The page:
What does it mean to be gay today, in America? How do we define a family? Those are two questions I hoped to answer while writing SING YOU HOME. I began by speaking to several same-sex couples, who shared their relationships and their sex lives and their struggles. Some of these people knew their sexual orientation in childhood; some – like Zoe – had same-sex relationships after heterosexual ones. Then I interviewed representatives from Focus on the Family, a conservative Christian group that supports the Defense of Marriage Act, opposes gay adoption, and offers seminars to "cure" gay people of same-sex attraction. Like Pastor Clive in my novel, their objection to homosexuality is biblical. Snippets from Leviticus and other Bible verses form the foundation of their anti-gay platform; although similar literal readings should require these people to abstain from playing football (touching pigskin) or eating shrimp scampi (no shellfish). When I asked Focus on the Family if the Bible needs to be taken in a more historical context, I was told absolutely not – the word of God is the word of God. But when I then asked where in the Bible was a list of appropriate sex practices, I was told it's not a sex manual – just a guideline. That circular logic was most heartbreaking when I brought up the topic of hate crimes. Focus on the Family insists that they love the sinner, just not the sin – and only try to help homosexuals who are unhappy being gay. I worried aloud that this message might be misinterpreted by those who commit acts of violence against gays in the name of religion, and the woman I was interviewing burst into tears. "Thank goodness," she said, "that's never happened." I am sure this would be news to the parents of Matthew Shepherd, Brandon Teena, Ryan Keith Skipper, or August Provost – just a few of those murdered due to their sexual orientation - or the FBI, which reports that 17.6 percent of all hate crimes are motivated by sexual orientation, a number that is steadily rising. And it's not just in the US: in Iran, Mauritania, Saudi Arabia, Sudan, Yemen, and parts of Africa, being gay is punishable by death.

Yet as eye-opening as all this research was, something happened during the writing of SING YOU HOME that truly made the subject hit home. My son Kyle, a brilliant, talented teenager, was applying to colleges while I was working on the book. One day, he brought me his finished application to read.

The essay was about being gay.

Did I know Kyle was gay before he came out in his essay? Well, I'd had my suspicions since he was five. But it was his discovery to make, and to share. I wasn't surprised, but I was so happy for him – for being brave enough to be true to himself, and to admit that truth to his family. My husband gave him a huge hug. Kyle's little sister shrugged and said, "So?" And his younger brother still calls to task those who carelessly say, "That's so gay," reminding them it's not a pejorative term.

Learning that Kyle was gay didn't change the way I felt about him. He was still the same incredible young man he'd been before I read that essay. I didn't love him any less because he was gay; I couldn't love him any more if he weren't. In the aftermath, I saw him blossom, finally comfortable in his own skin, because he wasn't living a lie anymore. Yet, as a mom, I had my worries – not because of Kyle's sexual orientation, but because the rest of the world might not be as accepting as our family. Because one day, when he least expects it, he's going to be called a "faggot." Because – simply due to the way his brain is wired – life is going to be more complicated.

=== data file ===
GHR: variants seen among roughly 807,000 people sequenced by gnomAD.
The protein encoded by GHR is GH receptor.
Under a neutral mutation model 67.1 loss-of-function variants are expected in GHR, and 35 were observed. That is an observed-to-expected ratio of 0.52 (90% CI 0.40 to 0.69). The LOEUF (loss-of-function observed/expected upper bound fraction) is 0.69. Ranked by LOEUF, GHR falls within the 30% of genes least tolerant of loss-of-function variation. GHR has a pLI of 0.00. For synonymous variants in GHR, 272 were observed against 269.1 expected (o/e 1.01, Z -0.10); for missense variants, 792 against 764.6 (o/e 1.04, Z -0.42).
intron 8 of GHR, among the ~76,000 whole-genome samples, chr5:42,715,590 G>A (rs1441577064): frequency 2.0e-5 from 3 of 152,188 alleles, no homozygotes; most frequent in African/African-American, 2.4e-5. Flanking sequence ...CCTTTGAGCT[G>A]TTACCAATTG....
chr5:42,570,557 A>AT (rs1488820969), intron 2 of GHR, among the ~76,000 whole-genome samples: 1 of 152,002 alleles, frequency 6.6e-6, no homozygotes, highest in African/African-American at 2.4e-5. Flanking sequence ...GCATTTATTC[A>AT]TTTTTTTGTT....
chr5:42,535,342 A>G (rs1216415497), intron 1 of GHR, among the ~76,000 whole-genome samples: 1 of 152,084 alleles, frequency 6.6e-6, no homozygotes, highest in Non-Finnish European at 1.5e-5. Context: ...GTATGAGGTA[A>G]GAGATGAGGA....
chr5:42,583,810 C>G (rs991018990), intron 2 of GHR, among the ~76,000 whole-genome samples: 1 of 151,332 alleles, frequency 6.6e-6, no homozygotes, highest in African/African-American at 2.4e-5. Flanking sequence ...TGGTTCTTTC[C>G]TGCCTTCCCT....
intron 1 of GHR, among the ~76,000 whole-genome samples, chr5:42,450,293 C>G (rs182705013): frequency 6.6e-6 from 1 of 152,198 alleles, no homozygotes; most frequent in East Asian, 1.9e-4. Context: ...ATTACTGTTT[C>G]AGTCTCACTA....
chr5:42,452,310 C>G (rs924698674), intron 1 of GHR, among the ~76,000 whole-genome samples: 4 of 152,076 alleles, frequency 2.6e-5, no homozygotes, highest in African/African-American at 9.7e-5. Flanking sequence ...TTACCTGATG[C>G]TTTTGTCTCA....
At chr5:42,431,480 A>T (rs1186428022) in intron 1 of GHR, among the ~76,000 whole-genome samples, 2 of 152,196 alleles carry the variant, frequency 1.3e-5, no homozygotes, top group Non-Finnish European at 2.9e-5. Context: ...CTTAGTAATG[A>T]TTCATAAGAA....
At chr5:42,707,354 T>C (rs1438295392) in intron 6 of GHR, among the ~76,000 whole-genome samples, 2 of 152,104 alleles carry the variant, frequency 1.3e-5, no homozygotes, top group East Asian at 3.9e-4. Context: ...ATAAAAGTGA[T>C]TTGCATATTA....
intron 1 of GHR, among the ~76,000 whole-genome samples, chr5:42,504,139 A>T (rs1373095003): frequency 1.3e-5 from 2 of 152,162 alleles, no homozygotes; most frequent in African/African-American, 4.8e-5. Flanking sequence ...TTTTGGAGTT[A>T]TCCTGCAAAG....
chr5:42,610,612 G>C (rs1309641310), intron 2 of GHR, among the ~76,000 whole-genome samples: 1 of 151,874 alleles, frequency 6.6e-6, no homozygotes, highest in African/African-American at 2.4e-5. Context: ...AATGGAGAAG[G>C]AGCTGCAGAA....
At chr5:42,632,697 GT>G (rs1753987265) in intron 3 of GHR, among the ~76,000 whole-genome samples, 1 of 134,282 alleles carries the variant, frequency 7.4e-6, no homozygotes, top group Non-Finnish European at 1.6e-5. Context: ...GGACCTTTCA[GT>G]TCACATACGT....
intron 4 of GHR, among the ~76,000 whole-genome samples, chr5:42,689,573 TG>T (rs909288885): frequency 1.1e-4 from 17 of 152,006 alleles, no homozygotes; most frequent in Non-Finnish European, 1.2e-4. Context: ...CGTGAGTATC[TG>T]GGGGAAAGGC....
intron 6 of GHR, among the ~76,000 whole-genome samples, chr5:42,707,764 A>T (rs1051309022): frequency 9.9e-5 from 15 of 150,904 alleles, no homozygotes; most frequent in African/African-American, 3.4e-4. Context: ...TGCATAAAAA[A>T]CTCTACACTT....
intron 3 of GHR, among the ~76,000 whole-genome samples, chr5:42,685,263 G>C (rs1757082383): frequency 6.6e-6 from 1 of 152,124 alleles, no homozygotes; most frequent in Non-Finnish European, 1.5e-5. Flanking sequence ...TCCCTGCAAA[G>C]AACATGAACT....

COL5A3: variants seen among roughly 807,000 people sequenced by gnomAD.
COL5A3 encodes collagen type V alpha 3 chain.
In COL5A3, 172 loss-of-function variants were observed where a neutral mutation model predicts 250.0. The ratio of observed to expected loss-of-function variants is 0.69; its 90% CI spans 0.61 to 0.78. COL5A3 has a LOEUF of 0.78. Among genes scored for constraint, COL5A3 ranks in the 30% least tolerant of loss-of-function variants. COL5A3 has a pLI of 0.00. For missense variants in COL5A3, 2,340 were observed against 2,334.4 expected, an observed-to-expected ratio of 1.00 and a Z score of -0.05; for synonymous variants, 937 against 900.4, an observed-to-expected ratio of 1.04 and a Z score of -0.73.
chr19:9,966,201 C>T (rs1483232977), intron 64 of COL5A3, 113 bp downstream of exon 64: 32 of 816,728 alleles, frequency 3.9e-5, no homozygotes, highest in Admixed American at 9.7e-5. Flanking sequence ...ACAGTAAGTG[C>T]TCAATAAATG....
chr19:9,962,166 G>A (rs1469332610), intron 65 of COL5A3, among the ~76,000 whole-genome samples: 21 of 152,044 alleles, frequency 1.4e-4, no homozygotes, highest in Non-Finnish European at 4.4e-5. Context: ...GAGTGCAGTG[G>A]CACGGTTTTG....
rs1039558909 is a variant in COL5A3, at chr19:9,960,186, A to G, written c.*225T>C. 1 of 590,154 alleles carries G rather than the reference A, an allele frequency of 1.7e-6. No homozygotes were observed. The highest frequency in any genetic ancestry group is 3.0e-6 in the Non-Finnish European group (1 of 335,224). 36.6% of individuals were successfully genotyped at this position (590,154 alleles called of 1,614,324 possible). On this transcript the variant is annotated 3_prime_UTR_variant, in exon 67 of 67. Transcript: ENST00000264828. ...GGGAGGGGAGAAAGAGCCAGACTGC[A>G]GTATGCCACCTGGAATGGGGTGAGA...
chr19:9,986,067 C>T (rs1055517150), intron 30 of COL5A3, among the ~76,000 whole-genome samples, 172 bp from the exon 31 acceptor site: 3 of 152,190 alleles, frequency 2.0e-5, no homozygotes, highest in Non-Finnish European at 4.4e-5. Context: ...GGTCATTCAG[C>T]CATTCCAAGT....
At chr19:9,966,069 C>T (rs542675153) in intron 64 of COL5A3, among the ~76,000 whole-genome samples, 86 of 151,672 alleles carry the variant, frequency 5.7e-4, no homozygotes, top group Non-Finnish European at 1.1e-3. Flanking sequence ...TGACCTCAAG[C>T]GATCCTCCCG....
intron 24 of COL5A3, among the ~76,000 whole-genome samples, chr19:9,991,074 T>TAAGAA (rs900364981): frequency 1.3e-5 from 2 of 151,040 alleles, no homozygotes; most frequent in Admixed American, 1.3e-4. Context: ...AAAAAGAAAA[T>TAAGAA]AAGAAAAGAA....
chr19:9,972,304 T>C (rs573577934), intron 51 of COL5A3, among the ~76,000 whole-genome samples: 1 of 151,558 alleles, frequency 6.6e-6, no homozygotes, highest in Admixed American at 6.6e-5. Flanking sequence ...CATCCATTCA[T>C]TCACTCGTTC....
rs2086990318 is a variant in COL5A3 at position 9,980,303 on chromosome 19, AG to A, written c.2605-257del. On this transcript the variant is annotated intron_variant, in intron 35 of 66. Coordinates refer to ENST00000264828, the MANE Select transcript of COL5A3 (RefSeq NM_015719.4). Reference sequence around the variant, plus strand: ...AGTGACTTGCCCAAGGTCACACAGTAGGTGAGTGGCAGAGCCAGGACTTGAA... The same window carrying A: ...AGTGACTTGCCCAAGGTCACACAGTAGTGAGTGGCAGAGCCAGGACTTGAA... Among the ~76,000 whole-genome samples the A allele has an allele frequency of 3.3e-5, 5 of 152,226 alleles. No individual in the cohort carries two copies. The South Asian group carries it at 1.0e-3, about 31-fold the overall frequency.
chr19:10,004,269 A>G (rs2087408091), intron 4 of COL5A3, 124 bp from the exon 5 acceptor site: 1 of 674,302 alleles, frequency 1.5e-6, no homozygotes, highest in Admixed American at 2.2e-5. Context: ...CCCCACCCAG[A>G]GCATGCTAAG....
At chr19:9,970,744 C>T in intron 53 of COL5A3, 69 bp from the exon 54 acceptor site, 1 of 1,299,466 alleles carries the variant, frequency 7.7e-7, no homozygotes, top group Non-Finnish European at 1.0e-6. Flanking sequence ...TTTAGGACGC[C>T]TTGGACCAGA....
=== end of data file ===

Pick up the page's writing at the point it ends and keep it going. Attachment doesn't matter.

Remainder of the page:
Kyle is now a sophomore at Yale University – which has a thriving gay community and a culture of acceptance. His boyfriend is a smart, sweet guy who has accompanied us on vacations and who makes my son incredibly happy. Still, it breaks my heart to know that, unlike Kyle, there are teenagers today who cannot come out to their parents because of deep-seated prejudice -- which is too often cloaked in the satin robes of religion. Gay teens are four times as likely to attempt suicide as straight teens. I wish they knew that there's nothing wrong with them; that they are just a different shade of normal.

If I had any one great hope for SING YOU HOME, it would be to open the minds of those who have them closed tightly shut against those who are different – so that one day, my son's children will live in a world where being gay does not mean you're denied the 1138 federal rights automatically guaranteed by marriage. I hope they are just as puzzled as I am now when I see old photos of racially segregated schools and water fountains, and I wonder how could it possibly have taken so long for this country to come to its senses? I hope the religious leaders of their generation focus on the best literal interpretation of their Bible: Love your neighbor as yourself. But most of all, I hope that SING YOU HOME reminds people that while homosexuality is not a choice – homophobia is. Why not opt for tolerance and kindness instead?

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A stillborn baby ends Max and Zoe's marriage. Max leaves Zoe and turns to drinking. Zoe falls in love with a female school counselor, Vanessa. Max finds help for his drinking problem through his brother's church. Vanessa and Zoe get married. Vanessa offers to carry one of Zoe and Max's fertilized embryos. Zoe goes to Max to get permission to release the embryos to her but Max's new found religious fervor leads him to sue Zoe for custody.… (more)